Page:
I hate coming here. It reminds me of shopping trips with my mother and brother when I was a little girl. I felt embarrassed by my brother who walked with short, shufflinig steps, clung to Mother's hand, smiled and looked at Mom when someone spoke to him. I felt as if everyone was staring at us. I was ashamed of him and ashamed of myself. I knew I should love him, should help my mother, should be a good girl. I tried, but I never learned to love him.

I reminded myself that my brother was brain damaged by a careless doctor. I tortured myself wondering what he could have been if the accident hadn't happened. An engineer like my father, a lawyer like my husband? Just a few minutes more oxygen and the spark of intelligence would be there in his eyes. Instead there's a worried, frightened struggle to understand. He knows enough to realize that he's missing the point - an embarrassment that he's not as smart as other people.

Now it is my job to tell him that our mother is dead. And somehow I must learn to take her place.

"Jackie's waiting for you," the supervisor says.

My brother comes toward me, then backs away as I try to kiss hiim. "How's mother?" he asks.

"Let's go in your room, Jack," I say.

He is taller than I. His face would be handsome if the light of intelligence were reflected there. His hair, like mine, is still a dark blond with only a few gray hairs at the age of 57. I am two years older. He turns toward me, smiling, not wanting to hear what I have to tell him.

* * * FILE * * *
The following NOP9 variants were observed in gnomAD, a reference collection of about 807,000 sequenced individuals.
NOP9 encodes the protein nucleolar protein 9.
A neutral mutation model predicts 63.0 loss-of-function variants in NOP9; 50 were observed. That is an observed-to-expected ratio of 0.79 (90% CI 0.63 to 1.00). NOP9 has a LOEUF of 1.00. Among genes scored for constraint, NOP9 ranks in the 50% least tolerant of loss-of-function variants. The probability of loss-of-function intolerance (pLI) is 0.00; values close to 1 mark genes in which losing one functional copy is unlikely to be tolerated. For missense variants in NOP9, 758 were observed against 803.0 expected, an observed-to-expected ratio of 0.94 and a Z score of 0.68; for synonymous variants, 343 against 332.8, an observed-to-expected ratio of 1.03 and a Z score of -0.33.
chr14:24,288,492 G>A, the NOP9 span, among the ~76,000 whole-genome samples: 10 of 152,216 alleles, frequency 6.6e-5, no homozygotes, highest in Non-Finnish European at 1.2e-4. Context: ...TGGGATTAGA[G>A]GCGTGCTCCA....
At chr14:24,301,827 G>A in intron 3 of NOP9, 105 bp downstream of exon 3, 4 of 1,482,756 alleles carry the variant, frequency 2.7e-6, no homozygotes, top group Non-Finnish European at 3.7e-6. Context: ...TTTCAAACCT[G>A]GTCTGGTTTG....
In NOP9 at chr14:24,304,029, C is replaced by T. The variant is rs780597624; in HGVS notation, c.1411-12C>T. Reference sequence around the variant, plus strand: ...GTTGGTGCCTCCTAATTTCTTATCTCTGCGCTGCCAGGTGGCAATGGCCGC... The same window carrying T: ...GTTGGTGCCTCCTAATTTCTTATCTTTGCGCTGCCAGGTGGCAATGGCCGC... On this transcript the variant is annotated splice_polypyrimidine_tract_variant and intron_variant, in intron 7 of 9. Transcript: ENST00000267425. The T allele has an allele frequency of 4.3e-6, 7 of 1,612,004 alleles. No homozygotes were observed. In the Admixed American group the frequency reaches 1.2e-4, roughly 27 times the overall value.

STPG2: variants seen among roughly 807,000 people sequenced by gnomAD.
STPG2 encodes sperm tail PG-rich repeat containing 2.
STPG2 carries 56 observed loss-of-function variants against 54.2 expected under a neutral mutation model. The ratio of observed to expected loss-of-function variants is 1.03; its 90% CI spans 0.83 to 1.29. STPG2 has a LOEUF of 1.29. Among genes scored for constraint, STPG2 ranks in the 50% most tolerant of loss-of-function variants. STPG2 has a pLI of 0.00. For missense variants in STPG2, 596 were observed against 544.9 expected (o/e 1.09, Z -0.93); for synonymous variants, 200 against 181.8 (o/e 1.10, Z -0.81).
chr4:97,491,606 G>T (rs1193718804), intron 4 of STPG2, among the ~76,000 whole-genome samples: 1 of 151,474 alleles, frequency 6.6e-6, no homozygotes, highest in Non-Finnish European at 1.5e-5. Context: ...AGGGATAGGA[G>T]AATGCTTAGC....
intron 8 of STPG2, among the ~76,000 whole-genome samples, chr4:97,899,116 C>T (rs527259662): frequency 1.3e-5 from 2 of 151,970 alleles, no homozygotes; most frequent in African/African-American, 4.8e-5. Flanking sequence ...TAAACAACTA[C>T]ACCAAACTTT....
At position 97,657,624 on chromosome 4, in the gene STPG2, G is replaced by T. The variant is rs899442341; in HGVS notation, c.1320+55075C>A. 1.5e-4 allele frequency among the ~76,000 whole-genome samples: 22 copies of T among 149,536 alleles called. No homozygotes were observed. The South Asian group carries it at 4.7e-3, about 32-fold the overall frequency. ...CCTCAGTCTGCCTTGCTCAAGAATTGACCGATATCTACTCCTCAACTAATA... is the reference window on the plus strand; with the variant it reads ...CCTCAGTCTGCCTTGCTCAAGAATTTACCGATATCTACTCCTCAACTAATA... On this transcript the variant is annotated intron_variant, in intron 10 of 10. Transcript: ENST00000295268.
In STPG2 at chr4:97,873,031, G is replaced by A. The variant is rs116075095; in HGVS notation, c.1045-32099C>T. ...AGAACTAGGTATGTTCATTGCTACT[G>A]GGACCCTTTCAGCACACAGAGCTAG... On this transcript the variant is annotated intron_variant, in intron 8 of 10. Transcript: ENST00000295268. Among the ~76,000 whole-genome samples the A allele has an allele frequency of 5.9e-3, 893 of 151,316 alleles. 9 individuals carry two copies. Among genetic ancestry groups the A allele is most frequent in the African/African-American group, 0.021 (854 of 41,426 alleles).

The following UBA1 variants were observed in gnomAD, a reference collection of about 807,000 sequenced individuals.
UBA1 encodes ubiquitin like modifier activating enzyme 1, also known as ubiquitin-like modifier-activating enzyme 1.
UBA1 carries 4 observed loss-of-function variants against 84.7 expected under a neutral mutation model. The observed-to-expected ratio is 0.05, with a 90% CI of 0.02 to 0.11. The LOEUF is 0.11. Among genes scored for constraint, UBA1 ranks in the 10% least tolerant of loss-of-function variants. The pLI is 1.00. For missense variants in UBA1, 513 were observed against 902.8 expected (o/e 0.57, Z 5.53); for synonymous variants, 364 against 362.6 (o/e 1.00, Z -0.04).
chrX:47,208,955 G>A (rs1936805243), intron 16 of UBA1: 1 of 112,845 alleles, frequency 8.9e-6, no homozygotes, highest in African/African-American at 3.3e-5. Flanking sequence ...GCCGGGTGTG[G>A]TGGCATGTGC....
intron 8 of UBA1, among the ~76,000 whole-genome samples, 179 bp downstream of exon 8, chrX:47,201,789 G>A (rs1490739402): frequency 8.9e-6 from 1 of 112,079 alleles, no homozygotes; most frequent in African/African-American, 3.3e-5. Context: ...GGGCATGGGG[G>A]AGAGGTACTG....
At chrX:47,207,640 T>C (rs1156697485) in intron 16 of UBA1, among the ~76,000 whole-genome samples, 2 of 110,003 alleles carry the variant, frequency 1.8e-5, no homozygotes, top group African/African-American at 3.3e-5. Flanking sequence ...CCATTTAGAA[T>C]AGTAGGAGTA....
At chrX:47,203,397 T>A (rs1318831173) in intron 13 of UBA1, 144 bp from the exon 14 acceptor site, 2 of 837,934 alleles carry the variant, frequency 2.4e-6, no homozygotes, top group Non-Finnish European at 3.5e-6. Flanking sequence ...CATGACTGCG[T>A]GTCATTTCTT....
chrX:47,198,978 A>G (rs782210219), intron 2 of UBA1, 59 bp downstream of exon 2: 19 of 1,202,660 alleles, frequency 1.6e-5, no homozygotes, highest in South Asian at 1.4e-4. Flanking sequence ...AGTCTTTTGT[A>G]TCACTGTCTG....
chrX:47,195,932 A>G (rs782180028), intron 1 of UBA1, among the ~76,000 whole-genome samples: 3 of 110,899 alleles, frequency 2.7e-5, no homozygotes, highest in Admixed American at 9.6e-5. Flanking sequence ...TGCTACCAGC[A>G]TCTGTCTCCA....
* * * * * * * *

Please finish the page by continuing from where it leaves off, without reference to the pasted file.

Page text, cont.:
"Jack," I say, taking his hand, "Mom died last week of a heart attack."

He brushes away his tears with the back of his hand. Who taught him it was wrong to cry? I put my arms around him, but he stiffens.

"What will happen to her car?" he asks. He fastens on details when he can't fully grasp the meaning of something.

"I'll take care of it for her, Jackie," I say hugging him. He's like a little boy, I think. My little boy now.

"I'll make sure you're okay, honey," I say. "I'll come and see you. I'll write to you."

He is quiet for a minute. I can't tell what he is thinking. I don't know him at all. I had gone to college, married, had children and had seen him only occasionally after my parents put him in the home in Florida when Jack was 37. Busy raising my children, I often forgot to send him birthday cards and Christmas presents. I didn't visit or call him. I would say, "I don't feel anything for my brother," but of course I felt a lot - a lot of resentment and anger.

I take him out to lunch and try to think of things to talk about. He looks down at his ice cream and says softly, "It's a shame about Mother dying."

My God, I think, he's the retarded one, but I'm the one pretending she hasn't died, not talking about her.

Table of Contents

Part I: Childhood

1. Your Needs

2. Your Parents' Marriage

3. Your Feelings and How to Cope With Them

4. How Did You Get That Way?

Part II: Adolescence

5. Adolescent Angst

6. Who Are You?

Adulthood

7. Someone to Talk To

Your Relationships

Your Career

10. Do you Want Children?

11. Who Will Take Care of Your Sibling?

12. It Feels Like Love.